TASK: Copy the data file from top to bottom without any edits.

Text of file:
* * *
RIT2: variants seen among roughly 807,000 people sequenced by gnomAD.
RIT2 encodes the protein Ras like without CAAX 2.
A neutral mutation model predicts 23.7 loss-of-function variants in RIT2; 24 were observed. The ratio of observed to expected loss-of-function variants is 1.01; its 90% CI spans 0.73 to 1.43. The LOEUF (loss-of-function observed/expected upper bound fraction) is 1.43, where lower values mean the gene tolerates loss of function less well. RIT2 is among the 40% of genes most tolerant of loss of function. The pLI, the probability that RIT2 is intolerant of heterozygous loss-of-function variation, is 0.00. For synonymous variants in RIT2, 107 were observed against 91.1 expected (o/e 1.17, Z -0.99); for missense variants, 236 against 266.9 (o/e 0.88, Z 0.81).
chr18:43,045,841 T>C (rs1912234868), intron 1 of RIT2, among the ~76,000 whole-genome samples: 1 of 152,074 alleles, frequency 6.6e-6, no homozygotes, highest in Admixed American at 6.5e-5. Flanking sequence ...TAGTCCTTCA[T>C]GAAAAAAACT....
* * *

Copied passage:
RIT2: variants seen among roughly 807,000 people sequenced by gnomAD.
RIT2 encodes the protein Ras like without CAAX 2.
A neutral mutation model predicts 23.7 loss-of-function variants in RIT2; 24 were observed. The ratio of observed to expected loss-of-function variants is 1.01; its 90% CI spans 0.73 to 1.43. The LOEUF (loss-of-function observed/expected upper bound fraction) is 1.43, where lower values mean the gene tolerates loss of function less well. RIT2 is among the 40% of genes most tolerant of loss of function. The pLI, the probability that RIT2 is intolerant of heterozygous loss-of-function variation, is 0.00. For synonymous variants in RIT2, 107 were observed against 91.1 expected (o/e 1.17, Z -0.99); for missense variants, 236 against 266.9 (o/e 0.88, Z 0.81).
chr18:43,045,841 T>C (rs1912234868), intron 1 of RIT2, among the ~76,000 whole-genome samples: 1 of 152,074 alleles, frequency 6.6e-6, no homozygotes, highest in Admixed American at 6.5e-5. Flanking sequence ...TAGTCCTTCA[T>C]GAAAAAAACT....